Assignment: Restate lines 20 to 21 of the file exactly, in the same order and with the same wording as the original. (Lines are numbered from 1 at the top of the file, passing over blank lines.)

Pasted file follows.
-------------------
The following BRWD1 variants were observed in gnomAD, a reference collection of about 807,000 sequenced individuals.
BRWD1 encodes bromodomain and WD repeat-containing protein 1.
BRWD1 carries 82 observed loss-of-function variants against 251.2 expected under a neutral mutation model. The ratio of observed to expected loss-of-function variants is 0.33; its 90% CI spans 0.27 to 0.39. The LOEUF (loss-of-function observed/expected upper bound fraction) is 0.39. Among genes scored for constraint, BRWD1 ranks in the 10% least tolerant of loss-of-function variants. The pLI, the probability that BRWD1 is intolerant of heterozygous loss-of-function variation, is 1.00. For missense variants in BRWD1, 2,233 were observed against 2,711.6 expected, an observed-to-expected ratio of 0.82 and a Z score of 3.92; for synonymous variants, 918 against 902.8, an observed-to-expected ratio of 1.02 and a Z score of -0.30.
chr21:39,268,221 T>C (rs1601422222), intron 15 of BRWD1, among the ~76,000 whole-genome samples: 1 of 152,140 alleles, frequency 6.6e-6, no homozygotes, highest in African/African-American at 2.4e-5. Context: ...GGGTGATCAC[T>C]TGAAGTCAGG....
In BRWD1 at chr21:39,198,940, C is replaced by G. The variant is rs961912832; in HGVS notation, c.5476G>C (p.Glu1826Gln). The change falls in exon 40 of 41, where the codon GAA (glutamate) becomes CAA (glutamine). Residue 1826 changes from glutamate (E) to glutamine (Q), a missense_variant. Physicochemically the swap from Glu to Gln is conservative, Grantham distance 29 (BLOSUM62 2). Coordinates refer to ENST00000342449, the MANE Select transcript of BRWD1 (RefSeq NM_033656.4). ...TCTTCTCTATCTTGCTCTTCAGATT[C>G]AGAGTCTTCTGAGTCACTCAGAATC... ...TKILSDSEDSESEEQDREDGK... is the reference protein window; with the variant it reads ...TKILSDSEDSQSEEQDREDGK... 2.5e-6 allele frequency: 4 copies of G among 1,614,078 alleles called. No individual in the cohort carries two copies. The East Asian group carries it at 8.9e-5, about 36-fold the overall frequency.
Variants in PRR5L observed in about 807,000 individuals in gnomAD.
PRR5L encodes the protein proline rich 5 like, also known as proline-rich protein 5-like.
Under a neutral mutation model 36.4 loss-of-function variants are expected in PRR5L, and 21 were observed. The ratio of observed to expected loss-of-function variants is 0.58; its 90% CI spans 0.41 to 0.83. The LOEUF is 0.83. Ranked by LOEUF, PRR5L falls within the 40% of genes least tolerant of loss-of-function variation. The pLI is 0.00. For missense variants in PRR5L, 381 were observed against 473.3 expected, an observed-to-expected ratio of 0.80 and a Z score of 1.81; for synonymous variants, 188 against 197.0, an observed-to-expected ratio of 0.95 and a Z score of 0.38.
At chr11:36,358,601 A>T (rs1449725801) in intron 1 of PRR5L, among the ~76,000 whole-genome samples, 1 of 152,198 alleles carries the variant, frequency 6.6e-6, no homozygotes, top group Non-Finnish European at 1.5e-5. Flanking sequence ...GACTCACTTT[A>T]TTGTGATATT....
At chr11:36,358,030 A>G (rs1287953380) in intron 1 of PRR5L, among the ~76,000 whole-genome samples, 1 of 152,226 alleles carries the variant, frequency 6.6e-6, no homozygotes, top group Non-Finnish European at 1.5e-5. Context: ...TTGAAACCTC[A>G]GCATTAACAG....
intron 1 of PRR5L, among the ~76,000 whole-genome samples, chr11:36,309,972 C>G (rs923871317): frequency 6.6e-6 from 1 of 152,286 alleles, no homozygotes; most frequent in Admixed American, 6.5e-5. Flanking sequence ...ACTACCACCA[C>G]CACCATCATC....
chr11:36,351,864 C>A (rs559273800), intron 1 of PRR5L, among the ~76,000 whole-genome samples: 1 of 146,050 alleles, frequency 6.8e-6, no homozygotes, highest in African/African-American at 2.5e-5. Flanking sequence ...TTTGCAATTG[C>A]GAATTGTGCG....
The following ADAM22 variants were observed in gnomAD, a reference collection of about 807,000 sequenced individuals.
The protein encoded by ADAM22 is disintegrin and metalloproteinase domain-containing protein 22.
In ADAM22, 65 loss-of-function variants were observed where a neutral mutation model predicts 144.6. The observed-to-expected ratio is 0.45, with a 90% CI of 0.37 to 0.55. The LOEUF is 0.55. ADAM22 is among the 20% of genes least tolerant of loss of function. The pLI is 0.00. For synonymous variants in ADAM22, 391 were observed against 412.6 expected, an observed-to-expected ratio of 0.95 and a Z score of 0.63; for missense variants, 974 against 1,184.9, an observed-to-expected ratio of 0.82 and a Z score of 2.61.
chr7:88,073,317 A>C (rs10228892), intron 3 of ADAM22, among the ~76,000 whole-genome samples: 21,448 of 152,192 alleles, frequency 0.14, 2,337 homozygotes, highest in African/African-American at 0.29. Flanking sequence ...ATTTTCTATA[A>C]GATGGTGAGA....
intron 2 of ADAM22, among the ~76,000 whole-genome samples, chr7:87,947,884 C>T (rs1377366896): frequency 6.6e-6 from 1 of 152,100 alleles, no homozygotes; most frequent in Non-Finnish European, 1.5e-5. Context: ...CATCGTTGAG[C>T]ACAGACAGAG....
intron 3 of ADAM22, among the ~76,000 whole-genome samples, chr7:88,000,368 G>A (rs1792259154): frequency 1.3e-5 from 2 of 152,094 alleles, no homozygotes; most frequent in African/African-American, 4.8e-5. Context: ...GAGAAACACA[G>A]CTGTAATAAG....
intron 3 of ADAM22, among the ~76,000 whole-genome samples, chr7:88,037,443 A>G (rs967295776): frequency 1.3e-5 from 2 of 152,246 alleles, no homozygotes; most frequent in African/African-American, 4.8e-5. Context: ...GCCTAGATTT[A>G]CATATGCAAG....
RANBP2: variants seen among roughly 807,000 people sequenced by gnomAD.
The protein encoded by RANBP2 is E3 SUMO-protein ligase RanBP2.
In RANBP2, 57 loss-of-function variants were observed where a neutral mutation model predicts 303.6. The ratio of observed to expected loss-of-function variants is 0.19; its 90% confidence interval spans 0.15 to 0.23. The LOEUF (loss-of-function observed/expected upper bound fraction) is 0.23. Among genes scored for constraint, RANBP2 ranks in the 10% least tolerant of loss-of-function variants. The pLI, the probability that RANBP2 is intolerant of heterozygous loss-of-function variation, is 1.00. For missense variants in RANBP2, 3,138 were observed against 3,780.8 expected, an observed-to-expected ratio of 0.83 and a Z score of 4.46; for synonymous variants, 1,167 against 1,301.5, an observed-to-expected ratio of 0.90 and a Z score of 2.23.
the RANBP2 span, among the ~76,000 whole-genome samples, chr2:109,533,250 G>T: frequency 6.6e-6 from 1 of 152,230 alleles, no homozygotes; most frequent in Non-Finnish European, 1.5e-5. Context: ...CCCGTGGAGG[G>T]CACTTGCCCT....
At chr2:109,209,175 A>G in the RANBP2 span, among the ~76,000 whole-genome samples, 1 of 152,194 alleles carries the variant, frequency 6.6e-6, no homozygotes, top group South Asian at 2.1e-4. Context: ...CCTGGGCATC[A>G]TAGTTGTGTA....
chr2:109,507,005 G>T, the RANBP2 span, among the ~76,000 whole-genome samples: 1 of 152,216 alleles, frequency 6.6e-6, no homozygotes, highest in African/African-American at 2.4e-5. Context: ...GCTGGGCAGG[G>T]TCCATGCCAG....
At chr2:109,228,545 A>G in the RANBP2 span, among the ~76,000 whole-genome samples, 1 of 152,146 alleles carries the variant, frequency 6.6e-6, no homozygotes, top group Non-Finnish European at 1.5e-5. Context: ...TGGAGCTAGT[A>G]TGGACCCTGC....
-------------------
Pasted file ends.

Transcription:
RANBP2: variants seen among roughly 807,000 people sequenced by gnomAD.
The protein encoded by RANBP2 is E3 SUMO-protein ligase RanBP2.